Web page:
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Publication numberUS7755557 B2
Publication typeGrant
Application numberUS 11/931,115
Publication dateJul 13, 2010
Filing dateOct 31, 2007
Priority dateOct 31, 2007
Fee statusPaid
Also published asUS20090109111
Publication number11931115, 931115, US 7755557 B2, US 7755557B2, US-B2-7755557, US7755557 B2, US7755557B2
InventorsNeil McGonigle, Craig Mitchelson, David Geen, Graham Agnew
Original AssigneeRaven Antenna Systems Inc.
Export CitationBiBTeX, EndNote, RefMan
External Links: USPTO, USPTO Assignment, Espacenet
Cross-polar compensating feed horn and method of manufacture
US 7755557 B2
Abstract
A feed horn with a horn body and a waveguide body, each with a front end and a back end, respectively. The horn body and the waveguide body coupled together, the waveguide body front end to the horn body back end. The waveguide body provided with a waveguide bore between the front end and the back end. At least one slot formed in the waveguide bore parallel to a longitudinal axis of the body bore, the at least one slot extending to the front end. The horn body provided with a horn bore between the front end and the back end. The horn body and the waveguide body formable via injection molding methods such as die casting.
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Claims(17)
1. A feed horn, comprising:
a horn body and a waveguide body, each with a front end and a back end, respectively;
the horn body and the waveguide body coupled together, the waveguide body front end to the horn body back end;
the waveguide body provided with a waveguide bore between the front end and the back end;
at least one slot formed in a sidewall of the waveguide bore generally parallel to a longitudinal axis of the waveguide bore;
the at least one slot extending to the front end;
the horn body provided with a horn bore between the front end and the back end, the horn bore at the back end provided with a diameter equal to or less than the waveguide bore at the front end, wherein the at least one slot has a depth greater than a first step of the horn bore.
2. The feed horn of claim 1, wherein the horn bore is provided with a plurality of steps increasing a horn bore diameter between the back end and the front end.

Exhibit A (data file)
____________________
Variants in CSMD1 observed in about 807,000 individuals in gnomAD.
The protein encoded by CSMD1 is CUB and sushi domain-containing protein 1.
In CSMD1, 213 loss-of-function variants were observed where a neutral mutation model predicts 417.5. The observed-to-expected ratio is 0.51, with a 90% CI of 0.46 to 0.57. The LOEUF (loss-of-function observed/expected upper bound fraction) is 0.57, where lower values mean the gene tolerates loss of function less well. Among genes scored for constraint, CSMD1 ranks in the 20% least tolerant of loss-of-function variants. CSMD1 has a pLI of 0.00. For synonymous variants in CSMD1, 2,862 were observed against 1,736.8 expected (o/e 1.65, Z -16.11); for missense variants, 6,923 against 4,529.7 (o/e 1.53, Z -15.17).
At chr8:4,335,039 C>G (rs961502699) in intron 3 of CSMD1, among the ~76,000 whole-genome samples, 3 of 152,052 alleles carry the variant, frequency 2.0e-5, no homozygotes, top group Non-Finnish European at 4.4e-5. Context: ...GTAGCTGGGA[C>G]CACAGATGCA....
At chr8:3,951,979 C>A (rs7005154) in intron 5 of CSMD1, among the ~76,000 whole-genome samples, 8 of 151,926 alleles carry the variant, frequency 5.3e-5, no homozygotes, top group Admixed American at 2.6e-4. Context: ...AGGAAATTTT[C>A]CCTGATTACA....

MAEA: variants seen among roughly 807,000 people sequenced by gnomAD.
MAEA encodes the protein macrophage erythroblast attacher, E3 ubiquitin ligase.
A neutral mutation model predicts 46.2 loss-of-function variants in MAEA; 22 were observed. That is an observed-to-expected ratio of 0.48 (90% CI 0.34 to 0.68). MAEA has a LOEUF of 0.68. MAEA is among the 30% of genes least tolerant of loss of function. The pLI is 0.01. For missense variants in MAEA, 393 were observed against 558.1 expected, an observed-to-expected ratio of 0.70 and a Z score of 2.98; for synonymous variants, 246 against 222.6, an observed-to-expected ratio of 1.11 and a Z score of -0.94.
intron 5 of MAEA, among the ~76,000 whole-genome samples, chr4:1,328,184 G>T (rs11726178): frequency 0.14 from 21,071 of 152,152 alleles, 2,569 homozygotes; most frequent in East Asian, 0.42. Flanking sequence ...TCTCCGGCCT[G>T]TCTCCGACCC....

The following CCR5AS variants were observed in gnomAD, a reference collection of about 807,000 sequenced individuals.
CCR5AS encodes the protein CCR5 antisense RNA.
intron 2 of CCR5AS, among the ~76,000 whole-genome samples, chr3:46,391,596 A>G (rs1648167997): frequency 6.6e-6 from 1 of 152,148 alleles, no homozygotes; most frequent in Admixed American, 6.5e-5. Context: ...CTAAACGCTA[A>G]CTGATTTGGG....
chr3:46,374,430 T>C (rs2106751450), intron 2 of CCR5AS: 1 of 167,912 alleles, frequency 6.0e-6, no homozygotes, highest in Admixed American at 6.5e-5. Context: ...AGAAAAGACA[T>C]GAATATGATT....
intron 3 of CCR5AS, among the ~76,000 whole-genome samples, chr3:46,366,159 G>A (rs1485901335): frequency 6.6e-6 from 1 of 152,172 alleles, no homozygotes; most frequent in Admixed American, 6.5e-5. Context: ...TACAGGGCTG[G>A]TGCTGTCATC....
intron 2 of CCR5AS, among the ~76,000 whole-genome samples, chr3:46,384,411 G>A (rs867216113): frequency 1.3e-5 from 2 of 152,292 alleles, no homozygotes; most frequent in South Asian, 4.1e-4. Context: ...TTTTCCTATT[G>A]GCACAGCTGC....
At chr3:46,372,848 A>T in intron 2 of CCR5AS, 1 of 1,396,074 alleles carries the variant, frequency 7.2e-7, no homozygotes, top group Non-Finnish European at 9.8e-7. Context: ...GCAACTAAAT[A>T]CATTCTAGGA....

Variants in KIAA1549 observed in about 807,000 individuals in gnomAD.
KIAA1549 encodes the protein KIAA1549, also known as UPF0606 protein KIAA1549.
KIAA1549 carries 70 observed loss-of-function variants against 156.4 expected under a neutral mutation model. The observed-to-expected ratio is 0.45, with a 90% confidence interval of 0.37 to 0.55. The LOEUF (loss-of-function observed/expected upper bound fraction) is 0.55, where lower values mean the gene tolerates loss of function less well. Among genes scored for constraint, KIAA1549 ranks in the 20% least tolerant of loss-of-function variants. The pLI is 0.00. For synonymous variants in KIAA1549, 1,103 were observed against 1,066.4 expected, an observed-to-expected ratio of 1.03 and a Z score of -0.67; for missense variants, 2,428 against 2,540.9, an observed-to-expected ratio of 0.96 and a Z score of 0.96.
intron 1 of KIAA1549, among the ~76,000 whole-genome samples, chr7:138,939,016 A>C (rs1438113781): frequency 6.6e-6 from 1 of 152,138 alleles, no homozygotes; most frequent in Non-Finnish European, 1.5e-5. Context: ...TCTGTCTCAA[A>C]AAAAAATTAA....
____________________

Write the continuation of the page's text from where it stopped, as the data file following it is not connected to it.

3. The feed horn of claim 2, wherein at least one of the steps further includes an annular groove open to the front end.
4. The feed horn of claim 1, wherein the waveguide bore extending to the back end has a smaller diameter than a compensation portion of the waveguide bore extending to the front end.
5. The feed horn of claim 4, wherein the at least one slot is in the compensation portion.
6. The feed horn of claim 1, wherein the at least one slot is a plurality of slots, each generally parallel to the longitudinal axis.
7. The feed horn of claim 1, wherein the horn body and the waveguide body are coupled together by at least one fastener.
8. The feed horn of claim 1, wherein the horn body and the waveguide body are coupled together with the body bore coaxial with the horn bore.
9. A method for manufacturing a feed horn, comprising the steps of:
forming a horn body and a waveguide body, each with a respective front end and a back end;
the waveguide body formed with a waveguide bore between the front end and the back end; at least one slot formed in the waveguide bore extending to the front end, parallel to a longitudinal axis of the waveguide bore; and
coupling the horn body and the waveguide body together, the waveguide body front end to the horn body back end, wherein the at least one slot is formed with a depth greater than a first step of the horn bore.
10. The method of claim 9, wherein the horn bore is formed with a diameter at the back end equal to or less than the waveguide bore at the front end.
11. The method of claim 9, wherein the waveguide bore extending to the back end has a smaller diameter than a compensation portion of the waveguide bore extending to the front end.
12. The method of claim 11, wherein the at least one slot is formed in the compensation portion.
13. The method of claim 9, wherein the coupling of the horn body and the waveguide body together is via overmolding either the horn body upon the waveguide body or the waveguide body upon the horn body, creating a monolithic feed horn.
14. The method of claim 9, wherein the waveguide body and the horn body are formed via die casting.